I understand that (properly managed) the Academy and BSFC are the future of the Union and will eventually make the franchise great, but if they want me to pay now, they should do what it takes to have a legitimate product now.

    • Is Jay Sugarman investing his money into this program? Seems like he is not. You should not either. At this point the best thing that could happen is the collapse of the season ticket holder stream and MLS forcing him to cash out.

  5. Atomic Spartan says:

    Adam, I’m always impressed with your long form strategic and tactical gap analyses. Far more astute than any “color analyst’s” so-called “keys to the game.”
    Which makes me wonder, based on each analysis and recent performance history, could you provide a succinct “keys to the game” as part of pre-game previews. Or is that already being covered by posts I’ve missed?

    • Adam Schorr says:

      So, I do the occasional preview here. The hard part of doing a pre-game “keys to the game” is that unlike the Union, basically every other MLS team does things like “rotate personnel” and “make formation tweaks” and “make functional in-game adjustments”. It makes it hard to do this kind of breakdown pre-game. The Union seem to be by far the most static team in the league.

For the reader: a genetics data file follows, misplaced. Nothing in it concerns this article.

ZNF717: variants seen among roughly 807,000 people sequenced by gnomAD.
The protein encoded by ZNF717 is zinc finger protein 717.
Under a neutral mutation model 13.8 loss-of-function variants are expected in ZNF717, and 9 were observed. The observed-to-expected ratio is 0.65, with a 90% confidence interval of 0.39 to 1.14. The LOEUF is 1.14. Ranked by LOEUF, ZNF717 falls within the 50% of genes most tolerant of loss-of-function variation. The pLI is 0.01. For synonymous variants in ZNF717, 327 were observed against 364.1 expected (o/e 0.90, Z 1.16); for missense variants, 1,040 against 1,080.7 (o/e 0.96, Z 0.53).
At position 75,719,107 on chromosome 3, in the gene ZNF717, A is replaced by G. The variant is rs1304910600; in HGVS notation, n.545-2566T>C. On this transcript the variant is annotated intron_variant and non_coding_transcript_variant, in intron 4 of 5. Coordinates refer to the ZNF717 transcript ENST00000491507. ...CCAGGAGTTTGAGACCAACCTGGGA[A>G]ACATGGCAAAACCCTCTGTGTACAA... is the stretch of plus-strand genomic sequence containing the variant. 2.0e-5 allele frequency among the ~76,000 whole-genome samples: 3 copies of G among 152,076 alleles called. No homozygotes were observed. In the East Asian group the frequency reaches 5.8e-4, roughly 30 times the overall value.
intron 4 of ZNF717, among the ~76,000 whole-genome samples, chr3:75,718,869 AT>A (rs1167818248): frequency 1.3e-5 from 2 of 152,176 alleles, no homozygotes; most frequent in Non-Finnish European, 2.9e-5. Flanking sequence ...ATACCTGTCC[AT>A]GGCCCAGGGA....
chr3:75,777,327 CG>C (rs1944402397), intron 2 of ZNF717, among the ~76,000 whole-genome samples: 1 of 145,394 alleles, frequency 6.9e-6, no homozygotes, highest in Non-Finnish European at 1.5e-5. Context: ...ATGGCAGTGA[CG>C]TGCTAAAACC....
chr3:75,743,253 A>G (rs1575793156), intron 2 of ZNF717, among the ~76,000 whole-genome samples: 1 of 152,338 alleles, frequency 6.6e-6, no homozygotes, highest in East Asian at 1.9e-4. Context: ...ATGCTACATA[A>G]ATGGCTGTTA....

• Atomic Spartan says:

        All the more reason to do it Adam. It might sound repetitive but given frequency, maybe the message will sink in. Sugarman, at least, reads PSP, right?

  6. “Static” is generous. Union are mired in predictable and repeatedly unsuccessful tactics. They need a coach who can get the best out of these players. And who can coach offense, defense, and can develop young players. Rosenberry and Marquez have regressed under Curtin. Ilsinho and Albert’s value is way less than the Union are paying them. Pontius is struggling. CJ is burned out. Again. I’d rather Sugarman pay $ for a real coach than he make a big DP signing right now. If you gave Curtin a DP striker – say Cuba Torres for example – he would misuse him as a hold up striker or wide midfielder (like he does with CJ every time Simpson comes on up top) in his simplistic dedication to a 4-2-3-1. We have a coach who can only coach one freakin’ formation!

    • Atomic Spartan says:

      Sorry, but no, it doesn’t look like JC can coach a 4231 either

    • So ok, they are going to stick to the 4-2-3-1. How about trying Fafa up top instead of CJ. He’s played there for other clubs right? He makes runs that no one else can. Curtin just doesn’t get creative enough in the borders this club has set itself.